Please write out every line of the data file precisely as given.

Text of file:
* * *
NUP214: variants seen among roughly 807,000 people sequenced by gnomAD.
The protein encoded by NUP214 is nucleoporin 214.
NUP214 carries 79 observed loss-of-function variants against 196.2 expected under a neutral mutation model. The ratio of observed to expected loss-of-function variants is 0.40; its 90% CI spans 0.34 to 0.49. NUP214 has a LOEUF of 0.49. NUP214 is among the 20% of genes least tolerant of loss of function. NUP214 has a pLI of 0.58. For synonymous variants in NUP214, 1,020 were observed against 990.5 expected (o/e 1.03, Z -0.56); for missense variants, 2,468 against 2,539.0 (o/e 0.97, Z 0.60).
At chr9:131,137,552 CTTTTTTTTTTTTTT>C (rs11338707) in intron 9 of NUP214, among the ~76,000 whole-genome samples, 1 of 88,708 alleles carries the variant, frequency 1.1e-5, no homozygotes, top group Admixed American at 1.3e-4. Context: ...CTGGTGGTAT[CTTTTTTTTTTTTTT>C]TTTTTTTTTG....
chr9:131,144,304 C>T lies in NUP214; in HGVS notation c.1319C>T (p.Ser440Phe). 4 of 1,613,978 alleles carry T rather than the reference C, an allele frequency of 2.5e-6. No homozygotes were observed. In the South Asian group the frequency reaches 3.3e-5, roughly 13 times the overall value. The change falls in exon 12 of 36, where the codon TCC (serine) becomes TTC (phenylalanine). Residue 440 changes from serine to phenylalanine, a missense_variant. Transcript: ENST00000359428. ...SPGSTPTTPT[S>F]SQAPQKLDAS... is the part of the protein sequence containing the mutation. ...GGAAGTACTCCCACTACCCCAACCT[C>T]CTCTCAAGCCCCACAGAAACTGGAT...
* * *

NUP214: variants seen among roughly 807,000 people sequenced by gnomAD.
The protein encoded by NUP214 is nucleoporin 214.
NUP214 carries 79 observed loss-of-function variants against 196.2 expected under a neutral mutation model. The ratio of observed to expected loss-of-function variants is 0.40; its 90% CI spans 0.34 to 0.49. NUP214 has a LOEUF of 0.49. NUP214 is among the 20% of genes least tolerant of loss of function. NUP214 has a pLI of 0.58. For synonymous variants in NUP214, 1,020 were observed against 990.5 expected (o/e 1.03, Z -0.56); for missense variants, 2,468 against 2,539.0 (o/e 0.97, Z 0.60).
At chr9:131,137,552 CTTTTTTTTTTTTTT>C (rs11338707) in intron 9 of NUP214, among the ~76,000 whole-genome samples, 1 of 88,708 alleles carries the variant, frequency 1.1e-5, no homozygotes, top group Admixed American at 1.3e-4. Context: ...CTGGTGGTAT[CTTTTTTTTTTTTTT>C]TTTTTTTTTG....
chr9:131,144,304 C>T lies in NUP214; in HGVS notation c.1319C>T (p.Ser440Phe). 4 of 1,613,978 alleles carry T rather than the reference C, an allele frequency of 2.5e-6. No homozygotes were observed. In the South Asian group the frequency reaches 3.3e-5, roughly 13 times the overall value. The change falls in exon 12 of 36, where the codon TCC (serine) becomes TTC (phenylalanine). Residue 440 changes from serine to phenylalanine, a missense_variant. Transcript: ENST00000359428. ...SPGSTPTTPT[S>F]SQAPQKLDAS... is the part of the protein sequence containing the mutation. ...GGAAGTACTCCCACTACCCCAACCT[C>T]CTCTCAAGCCCCACAGAAACTGGAT...